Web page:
Detroit to pay $7 million for 90 percent of state fairgrounds - Sachse Construction
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Detroit to pay $7 million for 90 percent of state fairgrounds

The Michigan Land Bank Fast Track Authority board has agreed to the sale of nearly 90 percent of the former Michigan state fairgrounds site to the city of Detroit for redevelopment.

The city would purchase 142 acres for $7 million, pending approval from the Detroit City Council. Magic Plus LLC would purchase 16 acres of it along Woodward Avenue in two noncontiguous parcels, according to a Wednesday news release.

Half of the city’s $7 million purchase price would be paid up front, while the remainder would be paid once it’s redeveloped.

David Williams, senior adviser to Mayor Mike Duggan on his Planning, Housing and Development team, said Wednesday morning that environmental assessments and due diligence on the property should happen in the next several weeks, and the city expects to issue a request for proposals or start to market the property for sale by the fall.

“Primarily we see this as a job creation opportunity,” Williams said. “It is one of the largest developable parcels in the city. Those companies, those developers are all looking for a place that could employ hundreds if not thousands of people.

“We honestly think it is a win for everyone. Magic Plus is able to develop a smaller, more manageable site and we at the city are going to drive the rest of the site.”

Magic Plus LLC is the development group tapped four years ago to redevelop the site, which is owned by the land bank at Eight Mile Road and Woodward Avenue. Its principals are Joel Ferguson, a Lansing developer and member of the Michigan State University board of trustees; Marvin Beatty, chief community officer for Greektown Casino-Hotel; and NBA and MSU legend Earvin “Magic” Johnson. Magic Plus is paying about $472,000 for its 16 acres.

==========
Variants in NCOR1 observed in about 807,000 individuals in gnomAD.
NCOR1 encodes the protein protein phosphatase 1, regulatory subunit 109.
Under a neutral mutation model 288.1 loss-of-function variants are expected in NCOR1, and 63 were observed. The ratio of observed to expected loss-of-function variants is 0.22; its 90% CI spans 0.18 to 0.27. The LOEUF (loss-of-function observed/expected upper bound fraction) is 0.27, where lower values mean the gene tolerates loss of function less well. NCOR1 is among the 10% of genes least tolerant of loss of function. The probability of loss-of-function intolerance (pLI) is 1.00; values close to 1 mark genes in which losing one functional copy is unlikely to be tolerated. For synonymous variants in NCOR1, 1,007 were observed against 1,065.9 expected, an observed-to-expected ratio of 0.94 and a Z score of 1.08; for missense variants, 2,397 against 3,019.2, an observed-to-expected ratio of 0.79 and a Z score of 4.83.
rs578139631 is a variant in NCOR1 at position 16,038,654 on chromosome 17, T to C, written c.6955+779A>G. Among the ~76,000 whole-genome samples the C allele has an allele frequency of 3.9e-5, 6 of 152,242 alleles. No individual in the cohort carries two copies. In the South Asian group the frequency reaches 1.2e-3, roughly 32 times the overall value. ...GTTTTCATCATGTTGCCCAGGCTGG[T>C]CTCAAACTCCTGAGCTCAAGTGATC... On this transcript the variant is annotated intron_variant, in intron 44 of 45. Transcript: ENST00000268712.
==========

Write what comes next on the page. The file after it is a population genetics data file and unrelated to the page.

“We’ve got a number of uses we are working on,” Ferguson said Wednesday morning. “We are going to do some things that the people adjacent to it are really interested in having … Everything we are looking at, we are going to go back to the city planning department and see if that’s what they want, too.”

The group had plannedĀ a massive redevelopmentĀ of the site with millions of square feet of new space, including residential, retail, office and entertainment uses, but in the 4 1/2 years since a purchase agreement was signed with the land bank little has happened to the site.

“The historic State Fairgrounds is an important site for residents, the City of Detroit and the entire region,” Josh Burgett, director of the fast track authority, said in a statement. “All parties involved have worked hard to bring redevelopment to the site and this public/private agreement is marrying two visions for the State Fairgrounds to create jobs and provide commercial destinations for those new employees and current residents.”

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